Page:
Weekly Insights 14 Oct 2021: Global divergence in growth predicted – can MENA cope?

 

 

 

 

 

 

 

Weekly Insights 14 Oct 2021: Global divergence in growth predicted – can MENA cope?

 

1. The IMF expects global growth to recover by 6% in 2021, but at divergent paces

The main message from the IMF remains a sombre one: for full global recovery, vaccine deployment has to be increased; as supply chain constraints continue amid high demand, and even as employment is below pre-pandemic levels inflation is a worry (expected to decline in 2022, but highly uncertain); as economies rollback stimulus measures, economies need to be prepared for liquidity challenges as well as capital outflows.

 

2. Inflation is a major risk factor: more so, if pandemic-induced supply-demand mismatches persist for longer

  • A confluence of (a) supply chain disruptions; (b) cyclical recovery of demand post-Covid (fueled by fiscal & monetary stimulus); and (c) weather shocks is leading to the current uptick in prices
  • Disruptions are likely to continue into early next year but any prolonged supply shortages will lead to more uncertainty; wages are another question mark (depending on demand vs supply)

 

 

3. The Middle East & North Africa region is estimated to grow by 4.1% this year and next

  • The oil exporters will benefit from the recent uptick in prices, and along with a relatively higher pace of vaccination, witness a return to pre-pandemic growth levels by next year
  • Oil importers will be hit by the rising oil prices and food prices (exerting greater pressure on poorer families), but a faster vaccination pace could support a return to “normal” sooner in tourism dependent nations (like Egypt & Jordan)
  • Covid19 and its aftermath will likely result in a further widening of inequality: be it health (pace of vaccination), jobs (nearly one third of the employed population in the region is facing high risks of layoff or reduction of wages and/or hours of work: ILO/ESCWA), poverty (18mn people have been pushed into poverty in MENA: World Bank)
  • What needs to be done? Highlights the need for social safety nets / cash transfers; support for women and youth to return to the labour force; ensure that children return to school & resume studies after the pandemic-gap. In the absence of support, the region might be looking at a phase of greater social unrest

 

4. Inflation in the MENA region is ticking up, as food prices increase sharply

 

5. A Bird’s Eye View of the Fiscal Outlook: Global govt debt at just below 100% of GDP; higher vs. pre-pandemic

  • Fiscal balance remains in deficit in 2021 across all regional groupings, with the global reading at 7.9% vs MENA’s 4.3% and Saudi’s 3.1%. A summary of fiscal measures since Jan 2020 are charted for select MENA countries (below)
  • Governments have scaled back spending in 2021, but government revenues are still low compared to pre-pandemic levels. Furthermore, when stimulus measures (~ $16.9trn in pandemic-related fiscal measures) are rolled back, businesses could be struggle to meet financing requirements, resulting in lower revenues/ insolvencies/ bankruptcies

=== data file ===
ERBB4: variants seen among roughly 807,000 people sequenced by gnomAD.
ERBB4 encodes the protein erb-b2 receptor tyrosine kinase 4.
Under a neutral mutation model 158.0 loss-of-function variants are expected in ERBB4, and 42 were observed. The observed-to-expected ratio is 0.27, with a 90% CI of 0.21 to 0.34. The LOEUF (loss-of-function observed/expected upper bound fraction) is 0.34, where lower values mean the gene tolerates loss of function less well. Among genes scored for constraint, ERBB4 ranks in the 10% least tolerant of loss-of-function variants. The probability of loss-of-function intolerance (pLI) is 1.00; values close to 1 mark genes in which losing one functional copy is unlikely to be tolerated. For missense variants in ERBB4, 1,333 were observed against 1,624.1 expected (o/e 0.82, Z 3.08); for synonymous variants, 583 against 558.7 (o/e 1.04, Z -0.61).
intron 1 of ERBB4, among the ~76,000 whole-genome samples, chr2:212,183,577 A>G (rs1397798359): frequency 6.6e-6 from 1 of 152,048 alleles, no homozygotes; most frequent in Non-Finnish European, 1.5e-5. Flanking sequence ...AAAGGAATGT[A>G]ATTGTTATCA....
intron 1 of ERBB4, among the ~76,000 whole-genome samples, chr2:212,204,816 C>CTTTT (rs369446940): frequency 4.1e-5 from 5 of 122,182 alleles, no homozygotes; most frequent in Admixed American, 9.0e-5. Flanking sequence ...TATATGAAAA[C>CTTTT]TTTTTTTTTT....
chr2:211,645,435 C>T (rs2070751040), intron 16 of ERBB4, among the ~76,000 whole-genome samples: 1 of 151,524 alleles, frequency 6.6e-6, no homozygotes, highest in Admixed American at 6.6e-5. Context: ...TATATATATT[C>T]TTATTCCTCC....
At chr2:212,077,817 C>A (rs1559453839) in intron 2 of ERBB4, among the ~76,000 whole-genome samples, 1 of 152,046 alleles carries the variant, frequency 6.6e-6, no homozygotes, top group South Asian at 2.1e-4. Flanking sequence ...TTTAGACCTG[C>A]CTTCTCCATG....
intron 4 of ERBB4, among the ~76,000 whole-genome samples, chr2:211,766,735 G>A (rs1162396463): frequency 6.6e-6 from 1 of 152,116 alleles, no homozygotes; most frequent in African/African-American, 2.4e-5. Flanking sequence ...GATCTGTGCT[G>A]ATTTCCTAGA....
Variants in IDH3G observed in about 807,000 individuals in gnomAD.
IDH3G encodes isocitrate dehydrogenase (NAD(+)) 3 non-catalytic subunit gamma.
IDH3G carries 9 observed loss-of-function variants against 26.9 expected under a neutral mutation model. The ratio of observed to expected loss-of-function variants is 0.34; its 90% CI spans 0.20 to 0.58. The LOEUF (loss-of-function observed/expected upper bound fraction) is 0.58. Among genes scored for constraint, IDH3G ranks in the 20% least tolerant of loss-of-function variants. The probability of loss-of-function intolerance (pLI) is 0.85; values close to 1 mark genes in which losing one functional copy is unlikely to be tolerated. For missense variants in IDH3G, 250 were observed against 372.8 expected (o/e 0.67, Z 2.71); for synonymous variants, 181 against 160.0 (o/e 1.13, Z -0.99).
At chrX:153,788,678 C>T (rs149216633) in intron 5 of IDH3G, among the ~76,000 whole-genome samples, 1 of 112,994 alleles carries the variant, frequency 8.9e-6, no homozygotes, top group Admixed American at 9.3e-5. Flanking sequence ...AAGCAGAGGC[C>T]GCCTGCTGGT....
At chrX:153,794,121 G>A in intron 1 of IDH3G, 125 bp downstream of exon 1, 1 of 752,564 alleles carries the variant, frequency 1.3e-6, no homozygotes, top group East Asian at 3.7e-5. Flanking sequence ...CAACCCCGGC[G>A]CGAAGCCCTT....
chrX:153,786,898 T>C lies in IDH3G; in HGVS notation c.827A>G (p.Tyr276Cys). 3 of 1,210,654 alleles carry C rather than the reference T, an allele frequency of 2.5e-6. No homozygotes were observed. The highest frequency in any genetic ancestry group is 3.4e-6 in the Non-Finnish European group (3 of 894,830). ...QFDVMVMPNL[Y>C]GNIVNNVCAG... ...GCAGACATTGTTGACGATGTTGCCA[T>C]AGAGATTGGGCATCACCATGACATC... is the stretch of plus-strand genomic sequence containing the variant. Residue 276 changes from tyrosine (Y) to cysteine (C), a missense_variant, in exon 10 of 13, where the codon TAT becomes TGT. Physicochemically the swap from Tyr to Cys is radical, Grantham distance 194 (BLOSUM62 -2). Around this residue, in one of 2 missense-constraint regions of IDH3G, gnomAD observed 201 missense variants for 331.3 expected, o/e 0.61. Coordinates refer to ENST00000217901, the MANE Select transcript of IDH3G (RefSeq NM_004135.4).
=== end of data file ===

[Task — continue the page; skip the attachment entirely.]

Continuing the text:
• Government debts have increased in 2020 & 2021, and is unlikely to fall back to pre-pandemic levels soon => greater risk to global interest rate hikes & refinancing risks (esp those nations with limited fiscal space)
  • What can be done to ease MENA’s fiscal pain? 1. Reduce spending on subsidies, wages; 2. Improve mobilization of revenues + introduction of new taxes (e.g. carbon tax) and/or increase in existing taxes (VAT, excise) to be supported by cash transfers to the poor (where needed); 3. introduction of fiscal rules (only 1/3-rd have such rules in place currently); 4. support businesses (after stimulus measures are removed) by providing deferred tax payment options

 

6. UAE’s record-high federal budget for 2022 & Saudi Arabia’s ambitious FDI targets hogged headlines this week

  • UAE’s federal budget for the 5 years 2022-26 stands at a record high total of AED 290bn
  • Budget expenditure for 2022 is set at AED 58.931bn, with bulk of it allocated to development projects & social benefits
  • Given the oversubscribed orders for UAE’s debut federal bonds, more federal issuances can be expected in the future (eventually in local currency) & used towards infrastructure spending
  • Saudi Arabia’s highly ambitious National Investment Strategy expects to raise net FDI to SAR 388bn annually & raise local investments to SAR 1.7trn by 2030
  • FDI inflows have been low in recent quarters compared to historical averages of between USD 8-10bn a quarter during 2008-10. Net FDI touched USD 5.5bn last year.

 

 

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